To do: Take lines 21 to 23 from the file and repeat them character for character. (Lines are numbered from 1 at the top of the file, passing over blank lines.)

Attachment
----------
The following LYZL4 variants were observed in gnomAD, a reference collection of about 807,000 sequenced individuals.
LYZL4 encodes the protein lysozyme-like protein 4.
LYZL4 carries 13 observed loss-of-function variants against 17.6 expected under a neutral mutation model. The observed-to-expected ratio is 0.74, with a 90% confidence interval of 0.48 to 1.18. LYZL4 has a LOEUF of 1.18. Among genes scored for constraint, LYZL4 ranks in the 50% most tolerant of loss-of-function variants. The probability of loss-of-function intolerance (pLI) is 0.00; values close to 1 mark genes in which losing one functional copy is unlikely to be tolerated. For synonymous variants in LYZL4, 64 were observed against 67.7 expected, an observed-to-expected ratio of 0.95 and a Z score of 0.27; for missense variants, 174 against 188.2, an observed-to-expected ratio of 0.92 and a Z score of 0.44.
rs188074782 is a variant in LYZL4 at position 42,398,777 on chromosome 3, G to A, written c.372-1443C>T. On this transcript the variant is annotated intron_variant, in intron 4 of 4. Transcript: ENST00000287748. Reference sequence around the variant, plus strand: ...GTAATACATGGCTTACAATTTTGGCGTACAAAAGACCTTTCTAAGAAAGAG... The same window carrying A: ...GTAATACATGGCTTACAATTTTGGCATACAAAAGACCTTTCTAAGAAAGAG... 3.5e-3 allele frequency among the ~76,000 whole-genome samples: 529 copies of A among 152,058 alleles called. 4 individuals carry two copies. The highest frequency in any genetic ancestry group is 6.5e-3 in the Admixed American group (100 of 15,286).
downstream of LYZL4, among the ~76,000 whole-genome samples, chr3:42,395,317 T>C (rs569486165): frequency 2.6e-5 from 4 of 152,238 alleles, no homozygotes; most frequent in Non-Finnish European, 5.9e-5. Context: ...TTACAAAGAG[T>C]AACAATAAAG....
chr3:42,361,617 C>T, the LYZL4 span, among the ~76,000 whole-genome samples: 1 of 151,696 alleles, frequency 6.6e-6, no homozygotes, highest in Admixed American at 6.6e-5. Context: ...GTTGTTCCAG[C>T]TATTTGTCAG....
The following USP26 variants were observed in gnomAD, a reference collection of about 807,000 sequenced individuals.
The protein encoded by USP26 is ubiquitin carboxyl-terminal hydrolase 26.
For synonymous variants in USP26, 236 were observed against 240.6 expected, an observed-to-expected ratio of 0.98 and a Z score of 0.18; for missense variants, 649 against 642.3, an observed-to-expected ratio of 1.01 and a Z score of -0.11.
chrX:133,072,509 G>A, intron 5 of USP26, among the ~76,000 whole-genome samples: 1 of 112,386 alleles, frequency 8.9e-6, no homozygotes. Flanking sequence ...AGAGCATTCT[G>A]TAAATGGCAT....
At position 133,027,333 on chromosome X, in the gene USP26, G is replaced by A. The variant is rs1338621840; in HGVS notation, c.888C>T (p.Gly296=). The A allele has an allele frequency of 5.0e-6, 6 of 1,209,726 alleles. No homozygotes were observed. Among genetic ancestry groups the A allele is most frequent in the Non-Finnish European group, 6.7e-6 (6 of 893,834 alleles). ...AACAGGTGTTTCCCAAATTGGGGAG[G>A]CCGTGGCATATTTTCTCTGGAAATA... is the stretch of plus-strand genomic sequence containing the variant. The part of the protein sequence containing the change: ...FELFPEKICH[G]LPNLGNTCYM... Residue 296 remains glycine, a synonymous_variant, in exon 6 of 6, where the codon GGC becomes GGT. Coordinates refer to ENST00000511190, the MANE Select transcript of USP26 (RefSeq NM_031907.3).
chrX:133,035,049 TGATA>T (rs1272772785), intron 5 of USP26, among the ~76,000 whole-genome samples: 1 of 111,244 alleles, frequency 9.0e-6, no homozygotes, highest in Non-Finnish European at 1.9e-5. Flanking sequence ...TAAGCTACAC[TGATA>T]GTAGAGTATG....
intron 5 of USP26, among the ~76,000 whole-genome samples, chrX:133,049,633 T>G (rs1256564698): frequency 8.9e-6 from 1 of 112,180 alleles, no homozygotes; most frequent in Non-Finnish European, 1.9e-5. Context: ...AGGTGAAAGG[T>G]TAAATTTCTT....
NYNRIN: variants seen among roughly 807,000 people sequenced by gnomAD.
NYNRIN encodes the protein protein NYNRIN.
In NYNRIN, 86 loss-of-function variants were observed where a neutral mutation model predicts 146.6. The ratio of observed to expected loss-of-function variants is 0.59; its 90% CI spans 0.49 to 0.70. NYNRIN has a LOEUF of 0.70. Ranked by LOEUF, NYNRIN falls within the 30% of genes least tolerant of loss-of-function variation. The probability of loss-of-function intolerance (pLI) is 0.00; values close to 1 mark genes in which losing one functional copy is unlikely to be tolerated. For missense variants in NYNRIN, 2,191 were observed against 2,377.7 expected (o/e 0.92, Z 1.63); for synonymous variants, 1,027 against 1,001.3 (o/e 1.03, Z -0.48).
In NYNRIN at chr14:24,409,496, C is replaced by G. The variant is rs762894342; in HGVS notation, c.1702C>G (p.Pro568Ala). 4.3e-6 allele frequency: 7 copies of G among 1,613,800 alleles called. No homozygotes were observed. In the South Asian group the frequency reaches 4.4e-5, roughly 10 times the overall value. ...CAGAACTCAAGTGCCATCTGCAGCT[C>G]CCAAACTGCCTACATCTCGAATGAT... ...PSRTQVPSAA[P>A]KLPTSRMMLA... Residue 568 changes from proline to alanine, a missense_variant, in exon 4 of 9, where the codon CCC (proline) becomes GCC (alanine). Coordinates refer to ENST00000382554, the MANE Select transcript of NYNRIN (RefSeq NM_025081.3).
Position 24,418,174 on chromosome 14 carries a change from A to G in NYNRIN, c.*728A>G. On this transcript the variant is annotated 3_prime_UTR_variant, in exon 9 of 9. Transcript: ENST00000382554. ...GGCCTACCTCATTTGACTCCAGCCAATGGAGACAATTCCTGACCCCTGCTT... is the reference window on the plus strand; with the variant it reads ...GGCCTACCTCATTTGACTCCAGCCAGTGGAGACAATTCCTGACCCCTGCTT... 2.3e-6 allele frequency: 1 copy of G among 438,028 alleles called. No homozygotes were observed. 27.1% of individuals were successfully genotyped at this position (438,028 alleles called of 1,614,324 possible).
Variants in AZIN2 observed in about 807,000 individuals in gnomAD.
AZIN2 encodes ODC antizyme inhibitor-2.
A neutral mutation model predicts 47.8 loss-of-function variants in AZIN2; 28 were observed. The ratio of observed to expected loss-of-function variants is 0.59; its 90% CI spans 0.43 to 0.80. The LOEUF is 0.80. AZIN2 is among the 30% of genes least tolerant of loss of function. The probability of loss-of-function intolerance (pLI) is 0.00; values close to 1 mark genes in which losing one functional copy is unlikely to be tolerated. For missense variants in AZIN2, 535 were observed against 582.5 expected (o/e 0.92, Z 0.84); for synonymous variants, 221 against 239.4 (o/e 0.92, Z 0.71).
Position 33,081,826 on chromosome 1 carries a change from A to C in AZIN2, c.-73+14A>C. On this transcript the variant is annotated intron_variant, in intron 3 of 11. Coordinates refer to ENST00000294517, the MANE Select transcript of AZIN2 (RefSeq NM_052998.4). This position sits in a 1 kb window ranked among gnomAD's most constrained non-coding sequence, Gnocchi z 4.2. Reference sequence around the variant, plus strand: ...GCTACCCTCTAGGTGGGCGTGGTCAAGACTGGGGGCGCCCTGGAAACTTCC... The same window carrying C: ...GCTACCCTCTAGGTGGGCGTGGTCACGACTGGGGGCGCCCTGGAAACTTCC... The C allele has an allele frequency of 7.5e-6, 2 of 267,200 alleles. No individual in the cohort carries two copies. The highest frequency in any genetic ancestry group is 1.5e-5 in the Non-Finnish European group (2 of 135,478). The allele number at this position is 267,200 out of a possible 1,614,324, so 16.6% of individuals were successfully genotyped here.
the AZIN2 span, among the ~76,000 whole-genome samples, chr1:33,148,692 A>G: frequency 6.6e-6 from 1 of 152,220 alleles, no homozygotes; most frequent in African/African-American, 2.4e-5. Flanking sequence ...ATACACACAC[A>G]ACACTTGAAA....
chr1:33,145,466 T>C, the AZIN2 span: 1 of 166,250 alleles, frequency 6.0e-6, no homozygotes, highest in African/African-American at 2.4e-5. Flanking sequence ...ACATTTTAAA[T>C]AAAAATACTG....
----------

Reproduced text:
A neutral mutation model predicts 47.8 loss-of-function variants in AZIN2; 28 were observed. The ratio of observed to expected loss-of-function variants is 0.59; its 90% CI spans 0.43 to 0.80. The LOEUF is 0.80. AZIN2 is among the 30% of genes least tolerant of loss of function. The probability of loss-of-function intolerance (pLI) is 0.00; values close to 1 mark genes in which losing one functional copy is unlikely to be tolerated. For missense variants in AZIN2, 535 were observed against 582.5 expected (o/e 0.92, Z 0.84); for synonymous variants, 221 against 239.4 (o/e 0.92, Z 0.71).
Position 33,081,826 on chromosome 1 carries a change from A to C in AZIN2, c.-73+14A>C. On this transcript the variant is annotated intron_variant, in intron 3 of 11. Coordinates refer to ENST00000294517, the MANE Select transcript of AZIN2 (RefSeq NM_052998.4). This position sits in a 1 kb window ranked among gnomAD's most constrained non-coding sequence, Gnocchi z 4.2. Reference sequence around the variant, plus strand: ...GCTACCCTCTAGGTGGGCGTGGTCAAGACTGGGGGCGCCCTGGAAACTTCC... The same window carrying C: ...GCTACCCTCTAGGTGGGCGTGGTCACGACTGGGGGCGCCCTGGAAACTTCC... The C allele has an allele frequency of 7.5e-6, 2 of 267,200 alleles. No individual in the cohort carries two copies. The highest frequency in any genetic ancestry group is 1.5e-5 in the Non-Finnish European group (2 of 135,478). The allele number at this position is 267,200 out of a possible 1,614,324, so 16.6% of individuals were successfully genotyped here.
the AZIN2 span, among the ~76,000 whole-genome samples, chr1:33,148,692 A>G: frequency 6.6e-6 from 1 of 152,220 alleles, no homozygotes; most frequent in African/African-American, 2.4e-5. Flanking sequence ...ATACACACAC[A>G]ACACTTGAAA....